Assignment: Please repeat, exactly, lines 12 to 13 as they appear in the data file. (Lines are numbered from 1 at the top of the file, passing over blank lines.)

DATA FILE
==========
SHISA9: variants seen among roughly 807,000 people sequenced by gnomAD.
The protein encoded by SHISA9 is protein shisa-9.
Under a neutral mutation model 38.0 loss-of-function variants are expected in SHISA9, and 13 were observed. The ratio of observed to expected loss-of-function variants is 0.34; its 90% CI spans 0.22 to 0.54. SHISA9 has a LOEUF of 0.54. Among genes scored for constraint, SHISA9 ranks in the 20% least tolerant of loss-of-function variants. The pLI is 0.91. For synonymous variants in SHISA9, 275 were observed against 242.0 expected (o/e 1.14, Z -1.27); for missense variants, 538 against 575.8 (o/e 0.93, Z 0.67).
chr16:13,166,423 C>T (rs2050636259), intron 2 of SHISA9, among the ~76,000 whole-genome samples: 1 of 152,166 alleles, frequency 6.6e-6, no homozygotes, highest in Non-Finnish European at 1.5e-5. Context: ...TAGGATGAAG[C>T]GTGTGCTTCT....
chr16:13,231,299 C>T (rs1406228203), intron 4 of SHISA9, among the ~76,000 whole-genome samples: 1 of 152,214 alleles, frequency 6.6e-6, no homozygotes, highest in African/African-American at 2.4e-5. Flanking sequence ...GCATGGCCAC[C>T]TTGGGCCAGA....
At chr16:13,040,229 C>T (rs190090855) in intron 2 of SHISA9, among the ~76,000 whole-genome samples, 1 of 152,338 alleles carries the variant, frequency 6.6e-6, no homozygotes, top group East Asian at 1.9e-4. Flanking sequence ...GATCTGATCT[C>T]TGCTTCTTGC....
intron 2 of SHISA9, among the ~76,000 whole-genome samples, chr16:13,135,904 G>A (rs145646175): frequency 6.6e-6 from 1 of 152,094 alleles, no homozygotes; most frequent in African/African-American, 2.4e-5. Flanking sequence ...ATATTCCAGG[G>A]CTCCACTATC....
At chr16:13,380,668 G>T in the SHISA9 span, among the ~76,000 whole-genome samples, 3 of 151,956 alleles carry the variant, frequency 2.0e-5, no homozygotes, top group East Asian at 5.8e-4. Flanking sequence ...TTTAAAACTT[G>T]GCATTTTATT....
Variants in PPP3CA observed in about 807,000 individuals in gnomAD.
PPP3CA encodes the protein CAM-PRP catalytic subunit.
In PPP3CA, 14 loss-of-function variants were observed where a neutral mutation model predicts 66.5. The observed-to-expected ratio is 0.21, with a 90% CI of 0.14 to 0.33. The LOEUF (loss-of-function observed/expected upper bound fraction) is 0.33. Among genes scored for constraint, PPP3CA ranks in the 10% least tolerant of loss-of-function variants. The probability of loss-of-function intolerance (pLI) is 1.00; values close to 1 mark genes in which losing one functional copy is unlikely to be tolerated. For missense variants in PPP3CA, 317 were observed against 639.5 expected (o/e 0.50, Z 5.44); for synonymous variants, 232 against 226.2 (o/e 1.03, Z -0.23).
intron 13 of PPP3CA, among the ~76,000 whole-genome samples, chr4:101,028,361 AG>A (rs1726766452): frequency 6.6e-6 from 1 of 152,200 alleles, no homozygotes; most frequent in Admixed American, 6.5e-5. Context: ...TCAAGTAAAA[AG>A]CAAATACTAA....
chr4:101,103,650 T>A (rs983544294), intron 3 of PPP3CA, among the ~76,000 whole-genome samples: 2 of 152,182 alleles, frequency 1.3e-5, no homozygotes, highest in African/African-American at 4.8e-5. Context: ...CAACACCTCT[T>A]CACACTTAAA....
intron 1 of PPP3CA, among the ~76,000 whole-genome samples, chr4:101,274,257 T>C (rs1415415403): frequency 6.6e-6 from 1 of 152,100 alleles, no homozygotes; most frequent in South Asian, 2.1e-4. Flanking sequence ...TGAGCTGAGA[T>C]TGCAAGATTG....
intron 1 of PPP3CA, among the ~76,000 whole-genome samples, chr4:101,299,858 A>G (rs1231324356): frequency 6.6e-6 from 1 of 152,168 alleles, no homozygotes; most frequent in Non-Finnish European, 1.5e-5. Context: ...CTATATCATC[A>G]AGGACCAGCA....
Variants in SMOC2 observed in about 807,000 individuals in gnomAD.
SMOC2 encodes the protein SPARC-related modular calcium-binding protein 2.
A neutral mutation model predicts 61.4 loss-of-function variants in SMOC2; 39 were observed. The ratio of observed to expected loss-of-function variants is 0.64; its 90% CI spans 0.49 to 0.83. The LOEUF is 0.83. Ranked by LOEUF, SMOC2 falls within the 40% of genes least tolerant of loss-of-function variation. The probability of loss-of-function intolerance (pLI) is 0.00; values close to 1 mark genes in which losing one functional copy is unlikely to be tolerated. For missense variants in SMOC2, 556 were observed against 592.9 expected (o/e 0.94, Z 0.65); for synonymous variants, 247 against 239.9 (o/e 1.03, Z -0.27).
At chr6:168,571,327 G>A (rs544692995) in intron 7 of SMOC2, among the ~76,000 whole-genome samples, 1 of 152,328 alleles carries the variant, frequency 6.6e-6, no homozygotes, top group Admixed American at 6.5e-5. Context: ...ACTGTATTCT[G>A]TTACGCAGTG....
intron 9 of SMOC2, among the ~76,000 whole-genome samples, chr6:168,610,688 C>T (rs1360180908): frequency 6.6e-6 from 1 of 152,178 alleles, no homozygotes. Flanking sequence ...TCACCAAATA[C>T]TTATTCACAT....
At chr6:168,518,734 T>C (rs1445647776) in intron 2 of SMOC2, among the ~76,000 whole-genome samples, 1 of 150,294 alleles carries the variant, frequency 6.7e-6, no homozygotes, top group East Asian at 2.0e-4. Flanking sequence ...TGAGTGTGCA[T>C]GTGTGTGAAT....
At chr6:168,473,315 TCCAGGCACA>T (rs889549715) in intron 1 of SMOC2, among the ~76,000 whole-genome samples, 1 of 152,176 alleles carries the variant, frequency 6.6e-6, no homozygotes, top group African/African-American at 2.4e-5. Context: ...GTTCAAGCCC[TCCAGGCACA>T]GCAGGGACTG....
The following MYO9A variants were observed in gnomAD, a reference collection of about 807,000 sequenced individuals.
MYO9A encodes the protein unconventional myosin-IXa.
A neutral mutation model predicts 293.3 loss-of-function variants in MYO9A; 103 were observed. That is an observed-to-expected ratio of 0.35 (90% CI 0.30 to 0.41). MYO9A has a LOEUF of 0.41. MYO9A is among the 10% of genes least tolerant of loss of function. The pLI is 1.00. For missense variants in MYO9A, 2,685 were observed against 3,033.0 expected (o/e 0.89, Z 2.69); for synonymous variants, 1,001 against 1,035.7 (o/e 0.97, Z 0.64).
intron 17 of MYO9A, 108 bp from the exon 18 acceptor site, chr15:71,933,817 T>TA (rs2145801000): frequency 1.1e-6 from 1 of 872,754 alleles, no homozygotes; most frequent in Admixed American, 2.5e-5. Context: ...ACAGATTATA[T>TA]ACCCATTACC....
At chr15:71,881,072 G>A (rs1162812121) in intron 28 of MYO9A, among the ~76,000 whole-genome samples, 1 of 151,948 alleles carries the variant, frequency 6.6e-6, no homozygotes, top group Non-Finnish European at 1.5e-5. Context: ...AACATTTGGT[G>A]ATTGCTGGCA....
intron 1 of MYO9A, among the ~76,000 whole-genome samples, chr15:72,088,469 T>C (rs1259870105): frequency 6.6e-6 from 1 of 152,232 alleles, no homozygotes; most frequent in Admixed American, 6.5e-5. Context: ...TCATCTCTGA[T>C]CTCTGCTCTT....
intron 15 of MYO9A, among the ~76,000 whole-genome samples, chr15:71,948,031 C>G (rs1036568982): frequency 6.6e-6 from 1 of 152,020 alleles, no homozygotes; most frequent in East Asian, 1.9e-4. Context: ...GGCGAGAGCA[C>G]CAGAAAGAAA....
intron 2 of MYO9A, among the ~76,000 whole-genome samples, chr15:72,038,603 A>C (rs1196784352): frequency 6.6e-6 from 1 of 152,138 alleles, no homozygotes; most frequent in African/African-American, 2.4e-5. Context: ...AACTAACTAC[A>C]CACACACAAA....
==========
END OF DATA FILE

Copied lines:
intron 13 of PPP3CA, among the ~76,000 whole-genome samples, chr4:101,028,361 AG>A (rs1726766452): frequency 6.6e-6 from 1 of 152,200 alleles, no homozygotes; most frequent in Admixed American, 6.5e-5. Context: ...TCAAGTAAAA[AG>A]CAAATACTAA....
chr4:101,103,650 T>A (rs983544294), intron 3 of PPP3CA, among the ~76,000 whole-genome samples: 2 of 152,182 alleles, frequency 1.3e-5, no homozygotes, highest in African/African-American at 4.8e-5. Context: ...CAACACCTCT[T>A]CACACTTAAA....